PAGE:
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America’s Colleges Need to Tighten Their Belts

America’s Colleges Need to Tighten Their Belts


By The Editorial Board
September 15, 2023
Over the past month, the usually placid campus of West Virginia University has been roiled by student protests and a faculty vote of no confidence in the school’s president, Gordon Gee, over his plan to impose sweeping budget cuts. The uproar is a sign of what’s in store for other public universities in an era of falling enrollment — and many have only themselves to blame.
West Virginia’s board of governors will vote today on Gee’s proposal to eliminate 169 faculty positions and 10% of undergraduate and graduate majors at the university’s flagship campus. Students will no longer be able to major in any foreign languages; only Spanish and Mandarin will even still be offered in-person. Some graduate degrees in mathematics and music, among other subjects, will be discontinued. If the cuts go through, dozens of professors could lose their jobs by the end of the current academic year.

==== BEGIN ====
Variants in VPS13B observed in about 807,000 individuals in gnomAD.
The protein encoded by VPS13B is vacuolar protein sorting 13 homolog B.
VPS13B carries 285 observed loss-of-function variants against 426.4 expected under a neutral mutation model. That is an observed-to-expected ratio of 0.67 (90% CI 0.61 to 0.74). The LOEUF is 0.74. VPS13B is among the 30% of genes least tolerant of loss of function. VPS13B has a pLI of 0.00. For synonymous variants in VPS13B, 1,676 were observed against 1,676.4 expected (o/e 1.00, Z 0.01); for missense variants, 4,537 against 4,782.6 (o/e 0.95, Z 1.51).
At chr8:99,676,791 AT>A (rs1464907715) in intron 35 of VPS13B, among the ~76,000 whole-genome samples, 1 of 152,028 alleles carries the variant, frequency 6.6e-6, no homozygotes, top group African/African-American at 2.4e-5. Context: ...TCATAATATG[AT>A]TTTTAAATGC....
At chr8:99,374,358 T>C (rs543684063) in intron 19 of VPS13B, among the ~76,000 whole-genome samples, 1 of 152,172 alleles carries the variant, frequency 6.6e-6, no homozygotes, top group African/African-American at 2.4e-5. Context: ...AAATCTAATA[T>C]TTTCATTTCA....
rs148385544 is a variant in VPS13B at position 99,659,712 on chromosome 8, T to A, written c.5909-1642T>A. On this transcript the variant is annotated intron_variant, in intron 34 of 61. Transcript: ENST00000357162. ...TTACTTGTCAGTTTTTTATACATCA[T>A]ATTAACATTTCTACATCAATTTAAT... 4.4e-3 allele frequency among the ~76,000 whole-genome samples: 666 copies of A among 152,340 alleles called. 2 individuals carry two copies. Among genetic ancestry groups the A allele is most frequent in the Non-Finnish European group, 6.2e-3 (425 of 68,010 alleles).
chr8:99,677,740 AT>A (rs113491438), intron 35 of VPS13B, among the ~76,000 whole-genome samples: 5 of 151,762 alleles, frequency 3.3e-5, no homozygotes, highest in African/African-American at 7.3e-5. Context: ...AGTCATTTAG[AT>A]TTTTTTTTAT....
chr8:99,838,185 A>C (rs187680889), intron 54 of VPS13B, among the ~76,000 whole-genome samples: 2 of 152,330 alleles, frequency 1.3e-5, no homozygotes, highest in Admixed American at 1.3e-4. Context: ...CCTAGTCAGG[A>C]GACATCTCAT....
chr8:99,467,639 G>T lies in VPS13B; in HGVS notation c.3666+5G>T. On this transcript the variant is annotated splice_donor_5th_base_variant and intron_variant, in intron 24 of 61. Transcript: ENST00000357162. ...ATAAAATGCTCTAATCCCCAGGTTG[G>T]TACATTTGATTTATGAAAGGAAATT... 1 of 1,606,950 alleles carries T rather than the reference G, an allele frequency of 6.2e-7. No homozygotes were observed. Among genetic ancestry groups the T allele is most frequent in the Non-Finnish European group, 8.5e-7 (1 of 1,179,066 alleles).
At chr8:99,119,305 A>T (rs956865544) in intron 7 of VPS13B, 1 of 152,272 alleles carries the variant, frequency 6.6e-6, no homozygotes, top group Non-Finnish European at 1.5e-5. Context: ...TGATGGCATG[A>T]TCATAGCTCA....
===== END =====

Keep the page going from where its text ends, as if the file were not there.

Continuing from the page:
Gee has defended his actions as necessary to plug the university’s budget deficit, which is expected to grow from $45 million to $75 million by 2028. He blames the shortfall on years of cuts in public funding and lower-than-projected tuition revenue, caused by fewer college-going high-school graduates in West Virginia and steep drops in out-of-state and foreign-student enrollment. Phasing out undersubscribed programs, Gee says, will allow the school to invest in subjects that are “relevant to the students of today and the industry of tomorrow.”
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